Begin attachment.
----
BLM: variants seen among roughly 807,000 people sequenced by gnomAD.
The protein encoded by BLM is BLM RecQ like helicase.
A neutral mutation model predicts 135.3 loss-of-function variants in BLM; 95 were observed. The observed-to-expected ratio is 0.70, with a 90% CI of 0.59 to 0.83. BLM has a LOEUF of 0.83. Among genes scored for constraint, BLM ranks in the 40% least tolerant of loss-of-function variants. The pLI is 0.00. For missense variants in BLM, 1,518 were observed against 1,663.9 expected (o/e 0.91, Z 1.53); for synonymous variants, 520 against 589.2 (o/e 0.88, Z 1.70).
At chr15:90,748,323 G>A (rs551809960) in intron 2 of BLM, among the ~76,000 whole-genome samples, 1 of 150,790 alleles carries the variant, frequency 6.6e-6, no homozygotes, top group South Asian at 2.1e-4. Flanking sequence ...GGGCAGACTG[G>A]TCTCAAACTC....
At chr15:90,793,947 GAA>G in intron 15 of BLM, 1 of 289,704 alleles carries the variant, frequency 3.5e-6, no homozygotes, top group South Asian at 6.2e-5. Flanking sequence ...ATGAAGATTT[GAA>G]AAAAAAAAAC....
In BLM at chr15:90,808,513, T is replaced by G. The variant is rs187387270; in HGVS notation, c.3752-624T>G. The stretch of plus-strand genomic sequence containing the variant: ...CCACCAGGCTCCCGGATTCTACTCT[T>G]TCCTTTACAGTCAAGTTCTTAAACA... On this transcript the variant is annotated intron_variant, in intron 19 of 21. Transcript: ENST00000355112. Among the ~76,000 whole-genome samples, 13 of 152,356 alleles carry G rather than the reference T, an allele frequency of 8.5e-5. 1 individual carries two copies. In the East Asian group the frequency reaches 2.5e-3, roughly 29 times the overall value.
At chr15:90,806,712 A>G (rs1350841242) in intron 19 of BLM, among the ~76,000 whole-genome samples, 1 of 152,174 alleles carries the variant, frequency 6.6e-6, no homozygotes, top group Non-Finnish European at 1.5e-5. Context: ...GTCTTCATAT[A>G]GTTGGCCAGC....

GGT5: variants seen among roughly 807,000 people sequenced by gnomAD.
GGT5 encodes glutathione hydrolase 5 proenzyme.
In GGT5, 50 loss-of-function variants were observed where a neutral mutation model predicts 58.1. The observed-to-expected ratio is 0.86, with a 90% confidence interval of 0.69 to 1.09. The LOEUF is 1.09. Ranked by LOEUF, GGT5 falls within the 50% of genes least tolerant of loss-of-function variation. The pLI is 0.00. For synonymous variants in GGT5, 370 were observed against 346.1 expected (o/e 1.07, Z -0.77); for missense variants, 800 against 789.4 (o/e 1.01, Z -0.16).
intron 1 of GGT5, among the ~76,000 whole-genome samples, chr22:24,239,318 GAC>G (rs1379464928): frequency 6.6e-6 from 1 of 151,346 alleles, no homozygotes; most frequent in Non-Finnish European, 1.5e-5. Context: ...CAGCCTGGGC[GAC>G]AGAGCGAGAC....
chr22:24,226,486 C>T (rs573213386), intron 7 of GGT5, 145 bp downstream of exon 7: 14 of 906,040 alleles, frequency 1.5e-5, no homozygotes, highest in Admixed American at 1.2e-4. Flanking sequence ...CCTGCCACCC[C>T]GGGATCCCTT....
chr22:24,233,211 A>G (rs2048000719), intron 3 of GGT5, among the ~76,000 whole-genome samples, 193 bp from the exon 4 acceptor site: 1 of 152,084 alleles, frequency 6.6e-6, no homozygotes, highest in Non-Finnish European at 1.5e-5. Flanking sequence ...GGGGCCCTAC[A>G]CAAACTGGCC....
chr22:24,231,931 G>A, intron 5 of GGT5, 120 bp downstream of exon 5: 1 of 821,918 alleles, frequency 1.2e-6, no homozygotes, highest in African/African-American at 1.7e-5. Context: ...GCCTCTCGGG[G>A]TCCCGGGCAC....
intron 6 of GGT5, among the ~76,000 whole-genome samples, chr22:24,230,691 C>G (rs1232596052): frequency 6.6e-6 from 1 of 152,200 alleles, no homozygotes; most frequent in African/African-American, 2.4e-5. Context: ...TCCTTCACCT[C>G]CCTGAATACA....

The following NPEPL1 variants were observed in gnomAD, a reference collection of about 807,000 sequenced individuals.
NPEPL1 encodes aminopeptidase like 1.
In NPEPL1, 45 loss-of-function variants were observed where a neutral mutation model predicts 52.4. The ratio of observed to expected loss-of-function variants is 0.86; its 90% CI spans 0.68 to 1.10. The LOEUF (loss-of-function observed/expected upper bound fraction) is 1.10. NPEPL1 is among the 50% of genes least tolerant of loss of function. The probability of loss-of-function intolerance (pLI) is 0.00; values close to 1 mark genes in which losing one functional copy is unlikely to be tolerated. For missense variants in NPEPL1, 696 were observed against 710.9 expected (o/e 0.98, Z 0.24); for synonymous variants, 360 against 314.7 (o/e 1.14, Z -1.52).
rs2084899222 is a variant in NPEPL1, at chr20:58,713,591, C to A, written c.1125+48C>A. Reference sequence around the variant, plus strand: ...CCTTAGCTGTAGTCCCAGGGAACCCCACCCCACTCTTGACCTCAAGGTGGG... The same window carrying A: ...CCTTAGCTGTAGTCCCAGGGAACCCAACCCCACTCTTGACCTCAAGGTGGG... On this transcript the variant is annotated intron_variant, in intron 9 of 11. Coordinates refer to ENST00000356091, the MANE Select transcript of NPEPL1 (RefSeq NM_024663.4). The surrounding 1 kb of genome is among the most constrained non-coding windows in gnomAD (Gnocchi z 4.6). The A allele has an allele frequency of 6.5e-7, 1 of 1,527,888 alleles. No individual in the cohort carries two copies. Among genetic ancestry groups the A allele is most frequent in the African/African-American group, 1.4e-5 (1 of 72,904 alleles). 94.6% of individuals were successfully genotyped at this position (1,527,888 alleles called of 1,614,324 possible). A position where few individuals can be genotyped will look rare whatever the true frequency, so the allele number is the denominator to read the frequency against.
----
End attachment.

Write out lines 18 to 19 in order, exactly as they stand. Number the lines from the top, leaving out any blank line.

In NPEPL1, 45 loss-of-function variants were observed where a neutral mutation model predicts 52.4. The ratio of observed to expected loss-of-function variants is 0.86; its 90% CI spans 0.68 to 1.10. The LOEUF (loss-of-function observed/expected upper bound fraction) is 1.10. NPEPL1 is among the 50% of genes least tolerant of loss of function. The probability of loss-of-function intolerance (pLI) is 0.00; values close to 1 mark genes in which losing one functional copy is unlikely to be tolerated. For missense variants in NPEPL1, 696 were observed against 710.9 expected (o/e 0.98, Z 0.24); for synonymous variants, 360 against 314.7 (o/e 1.14, Z -1.52).
rs2084899222 is a variant in NPEPL1, at chr20:58,713,591, C to A, written c.1125+48C>A. Reference sequence around the variant, plus strand: ...CCTTAGCTGTAGTCCCAGGGAACCCCACCCCACTCTTGACCTCAAGGTGGG... The same window carrying A: ...CCTTAGCTGTAGTCCCAGGGAACCCAACCCCACTCTTGACCTCAAGGTGGG... On this transcript the variant is annotated intron_variant, in intron 9 of 11. Coordinates refer to ENST00000356091, the MANE Select transcript of NPEPL1 (RefSeq NM_024663.4). The surrounding 1 kb of genome is among the most constrained non-coding windows in gnomAD (Gnocchi z 4.6). The A allele has an allele frequency of 6.5e-7, 1 of 1,527,888 alleles. No individual in the cohort carries two copies. Among genetic ancestry groups the A allele is most frequent in the African/African-American group, 1.4e-5 (1 of 72,904 alleles). 94.6% of individuals were successfully genotyped at this position (1,527,888 alleles called of 1,614,324 possible). A position where few individuals can be genotyped will look rare whatever the true frequency, so the allele number is the denominator to read the frequency against.